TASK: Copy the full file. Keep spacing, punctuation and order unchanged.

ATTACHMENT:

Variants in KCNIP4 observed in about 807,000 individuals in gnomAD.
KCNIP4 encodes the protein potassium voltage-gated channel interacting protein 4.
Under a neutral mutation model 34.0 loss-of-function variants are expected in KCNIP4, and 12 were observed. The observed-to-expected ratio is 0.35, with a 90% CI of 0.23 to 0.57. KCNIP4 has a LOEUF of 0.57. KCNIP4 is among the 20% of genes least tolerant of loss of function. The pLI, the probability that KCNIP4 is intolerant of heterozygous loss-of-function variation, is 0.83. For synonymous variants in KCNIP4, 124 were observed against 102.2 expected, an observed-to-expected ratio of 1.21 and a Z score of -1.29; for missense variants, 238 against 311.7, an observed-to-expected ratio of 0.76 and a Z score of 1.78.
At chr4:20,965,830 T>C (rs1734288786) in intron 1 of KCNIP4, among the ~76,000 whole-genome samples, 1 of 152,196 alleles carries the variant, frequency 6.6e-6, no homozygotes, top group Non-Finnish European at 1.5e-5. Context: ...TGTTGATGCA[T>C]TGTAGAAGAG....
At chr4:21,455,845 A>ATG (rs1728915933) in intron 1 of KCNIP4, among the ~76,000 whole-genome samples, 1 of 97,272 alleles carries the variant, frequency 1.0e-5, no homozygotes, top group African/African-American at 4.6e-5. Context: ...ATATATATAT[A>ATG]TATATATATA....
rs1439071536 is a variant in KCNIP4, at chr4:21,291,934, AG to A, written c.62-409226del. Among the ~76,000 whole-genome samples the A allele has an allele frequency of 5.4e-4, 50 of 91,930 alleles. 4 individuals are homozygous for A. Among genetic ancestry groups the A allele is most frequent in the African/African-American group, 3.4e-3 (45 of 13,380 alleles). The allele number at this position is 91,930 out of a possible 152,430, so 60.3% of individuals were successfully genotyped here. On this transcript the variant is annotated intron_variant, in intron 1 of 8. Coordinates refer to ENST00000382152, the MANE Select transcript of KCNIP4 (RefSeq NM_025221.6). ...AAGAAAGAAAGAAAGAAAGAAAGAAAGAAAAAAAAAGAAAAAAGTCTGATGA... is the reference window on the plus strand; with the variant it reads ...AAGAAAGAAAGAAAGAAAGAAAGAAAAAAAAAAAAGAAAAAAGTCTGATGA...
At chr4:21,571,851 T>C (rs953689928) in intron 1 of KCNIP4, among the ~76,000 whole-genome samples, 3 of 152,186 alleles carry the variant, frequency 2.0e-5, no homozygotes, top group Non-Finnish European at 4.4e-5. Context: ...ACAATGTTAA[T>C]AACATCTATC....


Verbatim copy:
Variants in KCNIP4 observed in about 807,000 individuals in gnomAD.
KCNIP4 encodes the protein potassium voltage-gated channel interacting protein 4.
Under a neutral mutation model 34.0 loss-of-function variants are expected in KCNIP4, and 12 were observed. The observed-to-expected ratio is 0.35, with a 90% CI of 0.23 to 0.57. KCNIP4 has a LOEUF of 0.57. KCNIP4 is among the 20% of genes least tolerant of loss of function. The pLI, the probability that KCNIP4 is intolerant of heterozygous loss-of-function variation, is 0.83. For synonymous variants in KCNIP4, 124 were observed against 102.2 expected, an observed-to-expected ratio of 1.21 and a Z score of -1.29; for missense variants, 238 against 311.7, an observed-to-expected ratio of 0.76 and a Z score of 1.78.
At chr4:20,965,830 T>C (rs1734288786) in intron 1 of KCNIP4, among the ~76,000 whole-genome samples, 1 of 152,196 alleles carries the variant, frequency 6.6e-6, no homozygotes, top group Non-Finnish European at 1.5e-5. Context: ...TGTTGATGCA[T>C]TGTAGAAGAG....
At chr4:21,455,845 A>ATG (rs1728915933) in intron 1 of KCNIP4, among the ~76,000 whole-genome samples, 1 of 97,272 alleles carries the variant, frequency 1.0e-5, no homozygotes, top group African/African-American at 4.6e-5. Context: ...ATATATATAT[A>ATG]TATATATATA....
rs1439071536 is a variant in KCNIP4, at chr4:21,291,934, AG to A, written c.62-409226del. Among the ~76,000 whole-genome samples the A allele has an allele frequency of 5.4e-4, 50 of 91,930 alleles. 4 individuals are homozygous for A. Among genetic ancestry groups the A allele is most frequent in the African/African-American group, 3.4e-3 (45 of 13,380 alleles). The allele number at this position is 91,930 out of a possible 152,430, so 60.3% of individuals were successfully genotyped here. On this transcript the variant is annotated intron_variant, in intron 1 of 8. Coordinates refer to ENST00000382152, the MANE Select transcript of KCNIP4 (RefSeq NM_025221.6). ...AAGAAAGAAAGAAAGAAAGAAAGAAAGAAAAAAAAAGAAAAAAGTCTGATGA... is the reference window on the plus strand; with the variant it reads ...AAGAAAGAAAGAAAGAAAGAAAGAAAAAAAAAAAAGAAAAAAGTCTGATGA...
At chr4:21,571,851 T>C (rs953689928) in intron 1 of KCNIP4, among the ~76,000 whole-genome samples, 3 of 152,186 alleles carry the variant, frequency 2.0e-5, no homozygotes, top group Non-Finnish European at 4.4e-5. Context: ...ACAATGTTAA[T>C]AACATCTATC....